He believed in personal diplomacy the same way as he had in mind with his British cousins, with his cousin-in-law Tsar Nicholas II of Russia also to build up a greater relationship between the two nations in the event of war. His unrealistic understanding of European power politics made him to sign an agreement with Tsar Nicholas at a private meeting at Bjorko in 1905. But on his return to Germany his Chancellor Bulow obstructed the personal treaty of alliance between the two cousins. In the same way Tsar Nicholas was confronted by his policy makers and elite in St. Petersburg on his return, which reduced the treaty to the status of a dead letter.
European power politics once again undermined his effort to avoid the war with Russia. His telegram to Nicholas II failed to yield the result on the eve of the First World War because of the existing German commitments to Austria-Hungary. William in 1889 gave his assurance to Austrian Emperor Francis Joseph in a chivalrous fidelity that “the day of Austro-Hungarian mobilization, for whatever cause, will be the day of German mobilization too” and made the German-Russian Alliance impossible as the Austrian mobilization for war would most likely be against Russia.
He blundered in German foreign relations either by his own mistake or by the combination of his foreign policy elites. On one occasion he visited Morocco and created the Moroccan Crisis of 1906. His visit to Tangier in Morocco on the encouragement of his foreign policy elite was seen as German interests in Morocco. He further aggravated German relations with France by his remarks on Moroccan independence as France was expanding its colonial interests in Morocco. The chaos finally led to the Algeciras Conference, which severely isolated Germany in the whole of Europe.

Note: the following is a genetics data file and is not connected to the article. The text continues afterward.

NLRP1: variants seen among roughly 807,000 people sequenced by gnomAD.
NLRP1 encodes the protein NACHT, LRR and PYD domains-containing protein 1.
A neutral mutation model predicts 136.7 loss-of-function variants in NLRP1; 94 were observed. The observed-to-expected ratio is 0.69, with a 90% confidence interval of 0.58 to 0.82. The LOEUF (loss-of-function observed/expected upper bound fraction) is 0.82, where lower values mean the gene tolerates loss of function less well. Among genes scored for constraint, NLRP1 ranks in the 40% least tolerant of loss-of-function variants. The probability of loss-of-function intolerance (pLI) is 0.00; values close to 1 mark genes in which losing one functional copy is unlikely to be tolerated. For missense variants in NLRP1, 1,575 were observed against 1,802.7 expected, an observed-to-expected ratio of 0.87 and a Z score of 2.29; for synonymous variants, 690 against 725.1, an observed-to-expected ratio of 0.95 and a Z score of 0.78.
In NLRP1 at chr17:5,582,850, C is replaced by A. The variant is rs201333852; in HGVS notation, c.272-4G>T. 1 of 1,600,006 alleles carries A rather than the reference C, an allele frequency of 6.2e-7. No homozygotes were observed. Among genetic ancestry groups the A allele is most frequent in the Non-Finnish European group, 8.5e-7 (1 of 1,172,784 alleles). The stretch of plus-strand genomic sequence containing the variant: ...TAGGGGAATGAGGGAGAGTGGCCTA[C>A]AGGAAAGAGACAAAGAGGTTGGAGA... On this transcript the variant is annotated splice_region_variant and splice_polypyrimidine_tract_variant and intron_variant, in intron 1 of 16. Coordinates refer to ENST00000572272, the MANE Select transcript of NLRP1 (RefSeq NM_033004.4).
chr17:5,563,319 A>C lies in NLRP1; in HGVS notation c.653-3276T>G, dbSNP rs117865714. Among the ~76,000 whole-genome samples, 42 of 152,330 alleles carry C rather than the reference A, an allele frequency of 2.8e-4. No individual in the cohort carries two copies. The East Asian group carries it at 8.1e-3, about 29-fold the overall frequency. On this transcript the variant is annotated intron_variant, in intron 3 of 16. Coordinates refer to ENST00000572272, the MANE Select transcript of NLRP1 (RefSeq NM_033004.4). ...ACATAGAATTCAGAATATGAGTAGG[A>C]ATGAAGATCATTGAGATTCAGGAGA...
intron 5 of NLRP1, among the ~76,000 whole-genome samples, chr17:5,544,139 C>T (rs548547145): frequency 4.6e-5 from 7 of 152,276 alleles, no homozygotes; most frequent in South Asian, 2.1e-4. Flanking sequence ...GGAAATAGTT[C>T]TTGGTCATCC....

William further aggravated the relationship with many of the countries in Europe and outside by his controversial comments in the British newspaper “The Daily Telegraph” in 1908 where he started to comment in the beginning with the intention of building up the Anglo-German cooperation, but in the course of the interview he went to say something else out of his emotional outbursts, saying the French, Russians, and Japanese were united together against Germany and the Germans cared nothing for the British. He attacked the French and Russians that they had attempted to instigate Germany to intervene in the Second Boer War. He said the German naval buildup was targeted against the Japanese, not Britain. He finally ended up attacking severely the English people saying: “You English are mad, mad, mad as March hares.”
After that interview, even in Germany the reflection was severe and even there were protests to remove him. William kept thereafter a very low profile for some time, but took revenge on his chancellor Bulow by forcing him to resign for his public disclosure that he did not edit his interview, which appeared in The Daily Telegraph. The Daily Telegraph crisis had reduced his influence in domestic and foreign policies and he lost his self-confidence and personality altogether.